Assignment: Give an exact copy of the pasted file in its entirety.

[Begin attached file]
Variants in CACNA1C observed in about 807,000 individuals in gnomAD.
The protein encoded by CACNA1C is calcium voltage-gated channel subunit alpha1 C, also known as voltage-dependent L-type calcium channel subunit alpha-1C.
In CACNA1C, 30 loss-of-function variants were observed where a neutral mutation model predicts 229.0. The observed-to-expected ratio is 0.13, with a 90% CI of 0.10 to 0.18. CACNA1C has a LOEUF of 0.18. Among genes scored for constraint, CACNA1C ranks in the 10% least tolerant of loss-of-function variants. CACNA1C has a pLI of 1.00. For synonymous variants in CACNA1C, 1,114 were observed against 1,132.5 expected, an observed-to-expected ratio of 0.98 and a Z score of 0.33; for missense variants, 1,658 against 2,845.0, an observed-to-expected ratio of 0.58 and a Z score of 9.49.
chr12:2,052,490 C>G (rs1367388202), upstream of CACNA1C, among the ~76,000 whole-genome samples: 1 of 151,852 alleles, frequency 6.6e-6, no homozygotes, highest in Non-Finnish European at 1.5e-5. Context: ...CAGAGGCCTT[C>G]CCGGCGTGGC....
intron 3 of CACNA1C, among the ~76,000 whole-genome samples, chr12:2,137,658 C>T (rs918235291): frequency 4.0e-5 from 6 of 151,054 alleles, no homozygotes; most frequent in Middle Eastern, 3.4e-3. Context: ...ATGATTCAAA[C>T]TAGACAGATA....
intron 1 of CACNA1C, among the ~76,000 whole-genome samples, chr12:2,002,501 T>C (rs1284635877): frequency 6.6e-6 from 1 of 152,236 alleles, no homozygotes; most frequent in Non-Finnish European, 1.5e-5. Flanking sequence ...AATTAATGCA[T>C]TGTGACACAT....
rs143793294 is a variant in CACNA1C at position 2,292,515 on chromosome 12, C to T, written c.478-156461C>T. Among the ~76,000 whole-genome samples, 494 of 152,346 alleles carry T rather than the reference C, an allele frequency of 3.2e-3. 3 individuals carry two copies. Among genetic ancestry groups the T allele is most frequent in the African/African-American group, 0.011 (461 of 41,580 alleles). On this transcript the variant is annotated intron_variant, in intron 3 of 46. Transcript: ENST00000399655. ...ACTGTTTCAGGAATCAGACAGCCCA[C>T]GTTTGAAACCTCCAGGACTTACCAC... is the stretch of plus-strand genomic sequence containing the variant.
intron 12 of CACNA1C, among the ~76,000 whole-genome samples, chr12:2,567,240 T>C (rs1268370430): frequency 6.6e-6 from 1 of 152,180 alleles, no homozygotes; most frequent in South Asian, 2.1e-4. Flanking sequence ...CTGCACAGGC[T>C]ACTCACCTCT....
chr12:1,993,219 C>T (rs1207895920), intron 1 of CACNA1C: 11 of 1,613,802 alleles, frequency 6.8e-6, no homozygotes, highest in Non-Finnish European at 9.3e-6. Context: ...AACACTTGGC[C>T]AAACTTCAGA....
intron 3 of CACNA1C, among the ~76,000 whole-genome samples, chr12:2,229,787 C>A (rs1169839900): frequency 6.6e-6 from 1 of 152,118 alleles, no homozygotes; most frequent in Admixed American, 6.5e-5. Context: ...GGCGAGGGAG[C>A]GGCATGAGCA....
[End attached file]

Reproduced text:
Variants in CACNA1C observed in about 807,000 individuals in gnomAD.
The protein encoded by CACNA1C is calcium voltage-gated channel subunit alpha1 C, also known as voltage-dependent L-type calcium channel subunit alpha-1C.
In CACNA1C, 30 loss-of-function variants were observed where a neutral mutation model predicts 229.0. The observed-to-expected ratio is 0.13, with a 90% CI of 0.10 to 0.18. CACNA1C has a LOEUF of 0.18. Among genes scored for constraint, CACNA1C ranks in the 10% least tolerant of loss-of-function variants. CACNA1C has a pLI of 1.00. For synonymous variants in CACNA1C, 1,114 were observed against 1,132.5 expected, an observed-to-expected ratio of 0.98 and a Z score of 0.33; for missense variants, 1,658 against 2,845.0, an observed-to-expected ratio of 0.58 and a Z score of 9.49.
chr12:2,052,490 C>G (rs1367388202), upstream of CACNA1C, among the ~76,000 whole-genome samples: 1 of 151,852 alleles, frequency 6.6e-6, no homozygotes, highest in Non-Finnish European at 1.5e-5. Context: ...CAGAGGCCTT[C>G]CCGGCGTGGC....
intron 3 of CACNA1C, among the ~76,000 whole-genome samples, chr12:2,137,658 C>T (rs918235291): frequency 4.0e-5 from 6 of 151,054 alleles, no homozygotes; most frequent in Middle Eastern, 3.4e-3. Context: ...ATGATTCAAA[C>T]TAGACAGATA....
intron 1 of CACNA1C, among the ~76,000 whole-genome samples, chr12:2,002,501 T>C (rs1284635877): frequency 6.6e-6 from 1 of 152,236 alleles, no homozygotes; most frequent in Non-Finnish European, 1.5e-5. Flanking sequence ...AATTAATGCA[T>C]TGTGACACAT....
rs143793294 is a variant in CACNA1C at position 2,292,515 on chromosome 12, C to T, written c.478-156461C>T. Among the ~76,000 whole-genome samples, 494 of 152,346 alleles carry T rather than the reference C, an allele frequency of 3.2e-3. 3 individuals carry two copies. Among genetic ancestry groups the T allele is most frequent in the African/African-American group, 0.011 (461 of 41,580 alleles). On this transcript the variant is annotated intron_variant, in intron 3 of 46. Transcript: ENST00000399655. ...ACTGTTTCAGGAATCAGACAGCCCA[C>T]GTTTGAAACCTCCAGGACTTACCAC... is the stretch of plus-strand genomic sequence containing the variant.
intron 12 of CACNA1C, among the ~76,000 whole-genome samples, chr12:2,567,240 T>C (rs1268370430): frequency 6.6e-6 from 1 of 152,180 alleles, no homozygotes; most frequent in South Asian, 2.1e-4. Flanking sequence ...CTGCACAGGC[T>C]ACTCACCTCT....
chr12:1,993,219 C>T (rs1207895920), intron 1 of CACNA1C: 11 of 1,613,802 alleles, frequency 6.8e-6, no homozygotes, highest in Non-Finnish European at 9.3e-6. Context: ...AACACTTGGC[C>T]AAACTTCAGA....
intron 3 of CACNA1C, among the ~76,000 whole-genome samples, chr12:2,229,787 C>A (rs1169839900): frequency 6.6e-6 from 1 of 152,118 alleles, no homozygotes; most frequent in Admixed American, 6.5e-5. Context: ...GGCGAGGGAG[C>A]GGCATGAGCA....